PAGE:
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2014 seemed to be the year of the portable high-resolution music player. Pono was finally released, Astell&Kern released the magnificent AK240, and then came the M, from South Korean manufacturer Calyx Audio.
I was asked to compare the M with A&K’s AK240. No way. The AK240 has many functions absent from the M -- though each might be the best in its price category, the price difference is significant. At $999 USD, the Calyx M costs a lot less than the AK240 at $2499, and you get less: no Bluetooth or Wi-Fi, thus no wireless connection to music stored on your computer -- and no form-fitting protective case. But what you do get with the Calyx M is very good, and makes it a reasonably good value . . . once the bugs are worked out.
In the box
The Calyx M comes with a soft carrying pouch and two USB-to-USB Micro charging cables, one short, one long. Its gorgeous copper color is matched by the cables. There’s no quick-start guide -- you download the instruction manual.
At 5.25” x 2.75” x 0.5”, the Calyx M is large -- about the size of a new iPhone 6 or Samsung phone, but thicker. Its 7.7 ounces felt a bit heavy in my hand over long periods of use. The front is almost all screen -- a handsome, 4.65”, high-definition (1280x720) OLED display covered with Gorilla Glass. On a tiny strip below the screen is an “M.” The rear panel is all smooth metal, with Calyx’s engraved treble-clef logo and manufacturing information -- the fine print. Along the top edge are a 3.5mm jack, slots for SD and MicroSD cards, and an On/Off button. On the bottom is the USB Micro jack for charging.
The M’s left edge is blank, but ranged along its right edge is a magnetic slider for volume, and Play/Pause and Forward/Back buttons. The slider can be removed; you can change the M’s settings so that its volume level is controlled with an onscreen slider. Some might fear that the magnet would fall off or be accidentally triggered, but I saw little possibility of that. The magnet is held on solidly -- it took brute force to remove it, and it and the three function buttons don’t protrude far enough to be set off by accident. The Calyx M seems generally very solidly built. I’d never deliberately drop anything I’d spent $999 on, but I have a feeling that if I did so by accident, the M would probably survive.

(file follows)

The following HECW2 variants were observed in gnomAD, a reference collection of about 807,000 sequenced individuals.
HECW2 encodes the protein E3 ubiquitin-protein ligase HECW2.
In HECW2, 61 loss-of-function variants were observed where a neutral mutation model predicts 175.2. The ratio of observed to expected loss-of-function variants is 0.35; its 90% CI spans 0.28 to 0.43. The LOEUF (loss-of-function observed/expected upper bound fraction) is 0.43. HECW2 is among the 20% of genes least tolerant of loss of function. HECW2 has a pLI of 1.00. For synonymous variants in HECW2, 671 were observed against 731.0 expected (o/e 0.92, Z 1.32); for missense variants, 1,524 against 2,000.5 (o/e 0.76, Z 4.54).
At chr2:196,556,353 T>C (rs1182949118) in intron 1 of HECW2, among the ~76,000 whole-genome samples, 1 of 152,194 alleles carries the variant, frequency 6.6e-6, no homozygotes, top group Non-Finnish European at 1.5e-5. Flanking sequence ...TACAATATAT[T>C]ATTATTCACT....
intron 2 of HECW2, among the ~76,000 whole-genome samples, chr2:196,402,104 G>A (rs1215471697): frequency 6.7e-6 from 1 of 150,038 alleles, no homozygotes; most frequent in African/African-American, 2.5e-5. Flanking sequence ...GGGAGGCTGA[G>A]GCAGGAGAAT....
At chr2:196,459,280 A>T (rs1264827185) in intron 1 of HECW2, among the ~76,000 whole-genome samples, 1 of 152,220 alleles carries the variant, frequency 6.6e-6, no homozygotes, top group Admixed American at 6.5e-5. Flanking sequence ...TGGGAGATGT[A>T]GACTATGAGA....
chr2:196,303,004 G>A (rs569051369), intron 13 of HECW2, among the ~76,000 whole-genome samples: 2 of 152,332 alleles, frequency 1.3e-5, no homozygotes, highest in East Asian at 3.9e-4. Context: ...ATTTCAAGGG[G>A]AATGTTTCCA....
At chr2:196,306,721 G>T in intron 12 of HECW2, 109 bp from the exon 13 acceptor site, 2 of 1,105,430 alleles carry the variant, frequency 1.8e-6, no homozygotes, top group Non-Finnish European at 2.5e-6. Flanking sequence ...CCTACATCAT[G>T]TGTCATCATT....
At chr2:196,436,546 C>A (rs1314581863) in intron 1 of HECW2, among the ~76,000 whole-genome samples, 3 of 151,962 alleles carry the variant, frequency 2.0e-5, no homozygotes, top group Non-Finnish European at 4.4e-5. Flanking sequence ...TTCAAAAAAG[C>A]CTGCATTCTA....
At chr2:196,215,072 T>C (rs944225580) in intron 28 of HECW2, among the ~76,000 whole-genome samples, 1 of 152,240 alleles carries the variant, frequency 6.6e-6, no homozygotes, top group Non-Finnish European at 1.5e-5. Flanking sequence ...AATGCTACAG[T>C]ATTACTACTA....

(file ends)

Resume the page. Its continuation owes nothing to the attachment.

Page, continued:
The M will play files in the MP3, FLAC, WAV, AIFF, AAC, MP4, and OGG formats, at sampling rates from 44.1 to 384kHz and word lengths of 16 to 32 bits. It also decodes and plays DSD64 and DSD128 files. The claimed frequency response is 20Hz-32kHz, with a very impressive channel-separation spec of 130dB at 1kHz.
I loved listening to the Calyx M, but I didn’t enjoy using it at first. The On/Off function seemed to behave differently each time I pushed the button. On startup, “Calyx M” briefly flashes on the screen, which then alternates a featureless black screen with the Calyx logo, until a porthole opens that instantly reminded me of the cover of 10cc’s Deceptive Bends. Through the porthole you can see the cover of the album you’re playing; if you put your finger at the center and hold, the full cover pops up -- it can look crazy good on that OLED screen. But no information is displayed in album-cover mode, and no control options -- no play, skip track, etc. For that, you have to let the M cycle back to the porthole, where you can play, skip, or tap Track Info, which reveals an incredible amount of information: performer, album title, file name and type, resolution, and memory. Swipe left to get the Jukebox, where you can add and subtract files or albums and compile playlists. I don’t do this often, but I’m sure many people would find it a great asset.
Swipe right to access your library, complete with album covers. The scrolling action to find a title is smooth and steady, or you can shorten your search by tapping one of the letter indicators on the scroll strip along the right side of the library screen. Again, the bright OLED screen made it fun to see and browse the thumbnail covers. Tapping the three dots at the upper left of the screen brings up Settings, which first tells you how many gigabytes of storage you’ve used and how many you have left. Then you can lock or unlock the screen and hardware buttons, and set the screen for time, date, language, library scan (which refreshes your library information), and enable gapless play. Settings also lets you choose between the magnetic or the onscreen volume slider, and reset. The most unusual feature in this menu is impedance matching; there are Low, Mid, and High settings, to optimize your headphones’ performance.
The M comes with 64GB of storage, which can be expanded with SD cards. Chris Zainea, Calyx’s US rep, and I figured that adding the maximum sizes of SD card (256GB) and microSD card (128GB) would give you 448GB -- impressive for a portable player. But those high-capacity SDs are pricey.